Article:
The Repeated Myth of the Death of the European Social Model

So following on from the last post, it is important that Greeks and Germans communicate with other in an open way about the crisis and admit faults on both sides.  Sadly the only way out of this is austerity, so that Greek public spending is in line with taxes raised, and so that Greek private and public debt has some creditability with lenders, that is they can reasonably expect to get money back eventually.  This is the underlying problem. No one managed to run a successful economy without credit and debt, credibility of debt management is key t economic growth and is therefore key to raising the living standards of the poorest, and increased social spending.   A period of austerity, properly administered will benefit all Greeks including the poorest, and will benefit public services along with welfare systems.  The radical left in Greece and across Europe is taking the opportunity to loudly proclaim it’s all some conspiracy against not the Greek, but European welfare state and general provision of public services.  This is transparent nonsense.  Europe now spends more absolutely, and proportionately, on welfare and public services, than it did in the sixties.  In some countries public spending has gone down as a proportion of the economy since the 70s, but not everywhere, and even where it has, absolute levels of spending are far higher than in the 70s.  That is increased prosperity has allowed private wealth to outstrip rising public provision.  Of course those who proclaim the assassination of the European social model in the current crisis have already proclaimed it assassinated during the ‘Neoliberal’ phases of the 80s.  Their analysis was grossly misleading about the recent past and is so now; and their current analysis shows how wrong their past analysis was, because they claimed that the assassination had already taken place.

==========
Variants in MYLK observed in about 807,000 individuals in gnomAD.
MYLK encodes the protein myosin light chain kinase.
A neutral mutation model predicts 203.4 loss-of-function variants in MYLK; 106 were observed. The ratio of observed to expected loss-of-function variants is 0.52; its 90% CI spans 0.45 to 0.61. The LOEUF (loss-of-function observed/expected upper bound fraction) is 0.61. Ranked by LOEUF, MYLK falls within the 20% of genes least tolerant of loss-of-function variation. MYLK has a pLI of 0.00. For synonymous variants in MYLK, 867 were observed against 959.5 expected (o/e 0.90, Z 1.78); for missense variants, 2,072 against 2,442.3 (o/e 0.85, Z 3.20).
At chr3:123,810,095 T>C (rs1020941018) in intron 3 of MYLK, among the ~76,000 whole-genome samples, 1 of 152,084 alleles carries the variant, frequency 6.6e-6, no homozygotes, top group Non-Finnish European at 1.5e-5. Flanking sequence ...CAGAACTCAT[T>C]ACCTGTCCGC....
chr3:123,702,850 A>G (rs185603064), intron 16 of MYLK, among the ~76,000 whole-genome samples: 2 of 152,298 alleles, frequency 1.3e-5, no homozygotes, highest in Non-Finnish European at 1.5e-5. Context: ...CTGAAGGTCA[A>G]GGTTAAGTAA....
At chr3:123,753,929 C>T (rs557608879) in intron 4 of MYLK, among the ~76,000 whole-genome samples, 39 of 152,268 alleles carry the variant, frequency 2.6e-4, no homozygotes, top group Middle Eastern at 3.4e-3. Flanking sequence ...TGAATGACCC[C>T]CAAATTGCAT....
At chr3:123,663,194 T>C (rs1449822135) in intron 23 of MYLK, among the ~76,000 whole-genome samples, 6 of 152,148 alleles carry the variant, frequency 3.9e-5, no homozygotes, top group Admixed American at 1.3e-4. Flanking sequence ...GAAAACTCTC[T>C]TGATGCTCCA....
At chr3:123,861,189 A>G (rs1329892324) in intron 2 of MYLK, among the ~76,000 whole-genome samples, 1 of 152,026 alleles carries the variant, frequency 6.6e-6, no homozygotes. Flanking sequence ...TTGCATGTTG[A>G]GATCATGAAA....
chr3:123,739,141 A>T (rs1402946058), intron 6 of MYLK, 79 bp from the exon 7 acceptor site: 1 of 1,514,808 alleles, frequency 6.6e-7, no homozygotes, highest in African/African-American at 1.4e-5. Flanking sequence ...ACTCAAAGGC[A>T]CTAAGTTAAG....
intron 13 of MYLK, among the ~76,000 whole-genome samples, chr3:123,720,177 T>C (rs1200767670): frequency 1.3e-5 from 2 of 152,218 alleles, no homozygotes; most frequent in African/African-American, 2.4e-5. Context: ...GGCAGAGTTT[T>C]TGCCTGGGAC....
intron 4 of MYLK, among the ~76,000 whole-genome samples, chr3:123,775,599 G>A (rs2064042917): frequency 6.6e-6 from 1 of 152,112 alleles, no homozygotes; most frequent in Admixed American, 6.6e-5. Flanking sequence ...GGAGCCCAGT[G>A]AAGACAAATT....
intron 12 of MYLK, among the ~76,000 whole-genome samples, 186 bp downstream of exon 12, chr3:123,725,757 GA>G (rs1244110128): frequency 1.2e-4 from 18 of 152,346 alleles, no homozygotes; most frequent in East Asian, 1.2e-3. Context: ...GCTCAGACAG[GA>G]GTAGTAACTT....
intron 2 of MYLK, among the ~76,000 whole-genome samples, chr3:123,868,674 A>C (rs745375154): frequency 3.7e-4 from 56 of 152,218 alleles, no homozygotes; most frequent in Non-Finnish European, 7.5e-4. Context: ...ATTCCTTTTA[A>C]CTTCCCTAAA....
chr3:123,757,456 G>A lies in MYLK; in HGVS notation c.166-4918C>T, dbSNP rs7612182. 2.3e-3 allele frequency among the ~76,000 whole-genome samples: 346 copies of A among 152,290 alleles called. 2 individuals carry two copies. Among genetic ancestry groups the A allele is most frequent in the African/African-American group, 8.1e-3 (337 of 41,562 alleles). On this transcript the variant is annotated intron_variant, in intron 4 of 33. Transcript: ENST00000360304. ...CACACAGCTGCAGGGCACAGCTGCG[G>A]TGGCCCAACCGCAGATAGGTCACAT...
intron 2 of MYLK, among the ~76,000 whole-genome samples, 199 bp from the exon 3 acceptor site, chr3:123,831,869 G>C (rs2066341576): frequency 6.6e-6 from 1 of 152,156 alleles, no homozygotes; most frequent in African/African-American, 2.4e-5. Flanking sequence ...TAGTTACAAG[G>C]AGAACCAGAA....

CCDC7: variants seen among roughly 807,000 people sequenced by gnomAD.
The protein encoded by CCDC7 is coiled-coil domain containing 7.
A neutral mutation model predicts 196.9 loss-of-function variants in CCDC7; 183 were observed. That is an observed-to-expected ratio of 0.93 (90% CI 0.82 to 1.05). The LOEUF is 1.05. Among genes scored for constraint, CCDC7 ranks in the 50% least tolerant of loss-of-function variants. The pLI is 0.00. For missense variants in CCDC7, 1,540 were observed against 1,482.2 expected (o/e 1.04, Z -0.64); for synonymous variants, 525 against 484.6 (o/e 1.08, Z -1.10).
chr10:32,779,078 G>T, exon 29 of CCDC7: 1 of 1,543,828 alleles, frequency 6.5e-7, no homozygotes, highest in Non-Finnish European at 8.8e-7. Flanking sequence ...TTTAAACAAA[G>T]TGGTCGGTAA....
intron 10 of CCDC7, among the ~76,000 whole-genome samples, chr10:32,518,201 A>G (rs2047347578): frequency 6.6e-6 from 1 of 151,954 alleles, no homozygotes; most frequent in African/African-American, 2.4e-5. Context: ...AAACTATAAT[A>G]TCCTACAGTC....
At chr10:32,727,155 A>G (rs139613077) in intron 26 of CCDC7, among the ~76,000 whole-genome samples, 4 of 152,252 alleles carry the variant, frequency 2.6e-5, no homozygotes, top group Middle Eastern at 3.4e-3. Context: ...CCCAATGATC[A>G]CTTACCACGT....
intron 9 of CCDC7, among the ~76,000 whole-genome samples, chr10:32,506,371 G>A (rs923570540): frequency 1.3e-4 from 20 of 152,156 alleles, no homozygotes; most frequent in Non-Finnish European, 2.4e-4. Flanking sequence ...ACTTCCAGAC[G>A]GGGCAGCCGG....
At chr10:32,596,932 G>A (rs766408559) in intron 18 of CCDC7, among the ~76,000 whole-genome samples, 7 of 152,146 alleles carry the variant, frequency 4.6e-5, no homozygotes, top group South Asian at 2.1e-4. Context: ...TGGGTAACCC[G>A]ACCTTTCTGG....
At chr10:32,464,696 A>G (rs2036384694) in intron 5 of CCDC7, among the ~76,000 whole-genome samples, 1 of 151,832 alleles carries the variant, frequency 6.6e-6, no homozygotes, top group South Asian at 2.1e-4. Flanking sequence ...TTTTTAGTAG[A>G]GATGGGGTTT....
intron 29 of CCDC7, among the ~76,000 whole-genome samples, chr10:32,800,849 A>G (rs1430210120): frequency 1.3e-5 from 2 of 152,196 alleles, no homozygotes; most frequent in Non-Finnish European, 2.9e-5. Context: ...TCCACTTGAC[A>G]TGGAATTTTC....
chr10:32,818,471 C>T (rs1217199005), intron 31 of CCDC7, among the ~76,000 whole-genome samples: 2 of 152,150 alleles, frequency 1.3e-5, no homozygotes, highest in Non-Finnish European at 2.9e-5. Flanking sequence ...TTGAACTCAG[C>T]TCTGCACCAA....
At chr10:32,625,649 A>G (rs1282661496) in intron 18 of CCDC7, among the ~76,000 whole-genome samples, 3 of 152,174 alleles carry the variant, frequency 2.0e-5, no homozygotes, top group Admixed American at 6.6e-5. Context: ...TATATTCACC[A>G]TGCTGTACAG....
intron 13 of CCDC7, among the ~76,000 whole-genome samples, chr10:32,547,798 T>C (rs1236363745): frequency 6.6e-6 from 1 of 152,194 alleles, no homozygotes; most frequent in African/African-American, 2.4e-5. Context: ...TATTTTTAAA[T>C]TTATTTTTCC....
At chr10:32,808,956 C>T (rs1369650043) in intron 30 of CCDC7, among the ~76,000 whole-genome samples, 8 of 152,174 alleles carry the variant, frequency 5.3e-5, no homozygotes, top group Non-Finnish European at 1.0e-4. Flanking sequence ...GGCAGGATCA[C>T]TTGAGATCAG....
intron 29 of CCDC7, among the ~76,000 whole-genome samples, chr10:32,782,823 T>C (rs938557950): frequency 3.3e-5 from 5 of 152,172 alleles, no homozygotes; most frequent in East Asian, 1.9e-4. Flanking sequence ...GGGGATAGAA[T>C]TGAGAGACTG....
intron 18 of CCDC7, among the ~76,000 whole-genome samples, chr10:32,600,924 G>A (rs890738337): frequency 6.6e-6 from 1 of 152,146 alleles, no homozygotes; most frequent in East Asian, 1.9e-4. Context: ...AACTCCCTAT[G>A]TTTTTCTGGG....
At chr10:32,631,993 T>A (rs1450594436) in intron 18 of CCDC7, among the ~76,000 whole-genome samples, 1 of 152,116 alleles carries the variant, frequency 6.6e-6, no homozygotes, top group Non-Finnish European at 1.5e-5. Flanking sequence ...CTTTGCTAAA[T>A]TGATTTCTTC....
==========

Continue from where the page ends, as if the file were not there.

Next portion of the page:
Personally I’d be happy to see a rethink of the European social model so that welfare was directed at the poorest only, and economies are deregulated.  Despite widespread mythology about market fundamentalism and jungle capitalism, markets are more regulated in Europe AND in the USA, than in the past.  Some measures of liberalisation with regard to capital flows and labour markets should not obscure the overall picture of increasing numbers of regulations, and the increasing economic impact of those regulations.  Of course this would be denounced by those who denounce the supposed repeated death of the European social model, as some kind of death worse than death, or whatever; but would leave better funded public services and protection for the  poor than impaired markets, and than  social welfare which is increasingly for people well above the lowest income brackets.


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